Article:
Wednesday, January 8, 2014

ROBERT REDFORD




Do I know him face to face, person to person?  No. 

I've gotten to know Robert Redford through my husband, John Cullum's experiences with him.

John played Judge Riley in Redford's film, "The Conspiratators."  As the producer and director, Redford and John had long conversations. The film, shot in 2010, wasn't a big hit, but for John it was a hit experience.

Director Redford talked at length, quite passionately, about how and why he got involved with the subject of the film -- the assassination of President Lincoln. After Redford explained why he needed strong energy from the Judge, he dug into John's background, and though the Judge was not a major leading role, Redford patiently, persistently, searched with John for ways for John to achieve what Redford wanted.

That's rare. Quite often, a director gets what he wants by encouraging the actor to do more or less what the actor does at the first group "reading" of the script; sometimes, with just  a few words, a director expresses his own thoughts; sometimes, what a director says is confusing, and even annoying.

Anyhow, though I don't know Redford, John's comments fit and expanded my impression.

The look of Robert Redford speaks to me -- it's based on what I've absorbed from the many films in which Redford has starred, and the choices actor Redford has made about what roles, which scripts, what subjects were important to him

Many film titles come to mind -- "The Candidate," and of course "Butch Cassidy and the Sundance Kid," but gee, there are so many favorite films -- images. What I've rustled up  from my years of seeing this actor, is a sense of a quiet, inner man, who feels what he feels, uses his feelings and is always himself, but never himself.

Always himself but never himself? Yes.

Aside from the fact that I can't point out a Robert Redford style, tone, typical bearing, manner, or facial expressions, in each film (it's not the makeup or hair, or the outfit) -- the man is different.

Can you say who his wife, or wives were? Does he have children? Do you know where his mansions are, or if they are mansions? Does he have homes in Hollywood, New York City, as well as near where his project -- the Sundance Institute and Festival -- takes place?  Oh yes, I certainly know there is a major festival every year, near Park City Utah.




It showcases new work from American and international independent filmmakers -- feature-length films, short films, and  miscellaneous other types of films. The Sundance Institute has uniquely affected the art of making and producing films. He created it, maintains it, and has built the festival, the institute in something that sustains itself.

At present, he's doing this for the Sundance Channel on television. In occasional brief appearances, he mentions a film and tells us be sure and watch it. Redford is not selling tickets, asking for donations, not promoting the success of the title he's mentioned, just letting us know that the film coming up is special.

On TV, he's an older man, a movie-going movie-maker, who has given me (and maybe you) experiences -- visions of relationships, stories, and quite often a sense of family loyalties -- perhaps beyond what we have personally experienced.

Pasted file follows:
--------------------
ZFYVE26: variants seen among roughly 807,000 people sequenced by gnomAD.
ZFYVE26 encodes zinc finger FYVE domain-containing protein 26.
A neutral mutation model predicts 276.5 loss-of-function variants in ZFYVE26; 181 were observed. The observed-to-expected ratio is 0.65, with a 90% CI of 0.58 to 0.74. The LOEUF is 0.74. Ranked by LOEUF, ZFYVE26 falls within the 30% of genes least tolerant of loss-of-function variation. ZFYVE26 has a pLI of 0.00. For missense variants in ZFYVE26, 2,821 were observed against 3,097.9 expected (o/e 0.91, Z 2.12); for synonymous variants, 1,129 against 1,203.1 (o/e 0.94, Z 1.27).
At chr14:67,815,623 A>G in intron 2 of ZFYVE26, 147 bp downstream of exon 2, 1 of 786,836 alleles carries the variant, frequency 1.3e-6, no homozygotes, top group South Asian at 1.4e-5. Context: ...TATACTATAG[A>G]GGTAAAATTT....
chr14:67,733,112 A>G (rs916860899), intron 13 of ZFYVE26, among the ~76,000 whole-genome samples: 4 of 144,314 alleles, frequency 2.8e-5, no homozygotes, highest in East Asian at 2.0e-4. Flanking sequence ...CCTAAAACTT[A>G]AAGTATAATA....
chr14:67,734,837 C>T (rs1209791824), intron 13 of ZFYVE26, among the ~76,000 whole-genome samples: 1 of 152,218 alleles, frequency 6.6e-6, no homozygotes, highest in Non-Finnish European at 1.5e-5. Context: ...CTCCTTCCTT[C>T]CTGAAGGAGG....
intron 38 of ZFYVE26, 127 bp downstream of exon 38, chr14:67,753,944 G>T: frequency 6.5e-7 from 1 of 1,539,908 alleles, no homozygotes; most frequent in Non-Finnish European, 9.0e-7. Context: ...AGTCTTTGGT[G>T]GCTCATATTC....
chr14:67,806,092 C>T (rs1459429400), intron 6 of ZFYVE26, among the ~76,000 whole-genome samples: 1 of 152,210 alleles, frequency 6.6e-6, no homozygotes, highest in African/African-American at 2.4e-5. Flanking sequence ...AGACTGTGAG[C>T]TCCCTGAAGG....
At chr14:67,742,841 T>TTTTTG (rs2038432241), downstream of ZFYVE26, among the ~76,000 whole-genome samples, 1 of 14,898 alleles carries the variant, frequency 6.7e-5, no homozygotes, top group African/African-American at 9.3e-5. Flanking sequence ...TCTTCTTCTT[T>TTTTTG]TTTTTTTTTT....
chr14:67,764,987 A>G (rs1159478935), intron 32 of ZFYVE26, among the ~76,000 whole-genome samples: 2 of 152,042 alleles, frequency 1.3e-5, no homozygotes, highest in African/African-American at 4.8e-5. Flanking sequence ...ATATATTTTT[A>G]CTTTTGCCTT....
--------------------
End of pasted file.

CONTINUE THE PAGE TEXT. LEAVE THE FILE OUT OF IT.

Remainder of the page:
I knew personally, face-to face -- Richard Burton, John Gielgud, Richard Harris, Julie Andrews, Elizabeth Taylor -- and yes, quite a few other stars --  dined, chatted, played after dinner games with them, when their professional lives intermingled with my husband's professional life.

Take what I'm saying with a few grains of salt. (A grain of salt gives flavor to the ingredients. My eye, my experiences as an artisan, director, promoter, creator, have made my eye sharp. )
 
When John was on Broadway in the musical, "How the Grinch Stole Christmas" -- one night as we were leaving the theater's stage entrance, we noticed a huge limo parked across the street. Even though he was more than a hundred away, Redford was instantly recognizable, as he was pacing near the limo, waiting for his daughter-in-law, who was also in the show.

She emerged from the stage door, said goodnight to us, and crossed to him. That's all. Redford called to us, "Good show," and waved to us.

What a guy! After all that he's done and been to the world -- yes to the whole world -- he waved.

He said once, during an interview, "All my life I've been dogged by guilt because I feel there is this difference between the way I look and the way I feel inside."  He also said on more than one occasion, "I think the environment should be put in the category of our national security."

Golly, if you were to pick a career, mention a man who's hugely successful, who is still giving, sharing, teaching, offering what he is and what he knows to us  -- that's Robert Redford.


4 comments:

Carola said...

He's a good man and has contributed a lot.

Linda Phillips said...

I have enormous respect for Redford, He has been an environmentalist forever, long before it ever became fashionable.

He cares about film and new filmmakers.

He is not just a marvelous actor. He is a humanitarian as well. I so aplaud him.

Cara Lopez Lee said...

My husband and I were just talking about some of the things you mention here after watching "The Company You Keep." It always comes through that he lives an examined life and cares about every choice he makes. I love this quote: "I think the environment should be put in the category of our national security."

Marcus Dandaneau said...

You're right as usual Emily. He doesn't have to do anything anymore but he keeps chugging along and adds what he can; presents impressions, represents ethically bright ideas and will leave the milieu he has and will influence better off due to his contributions.

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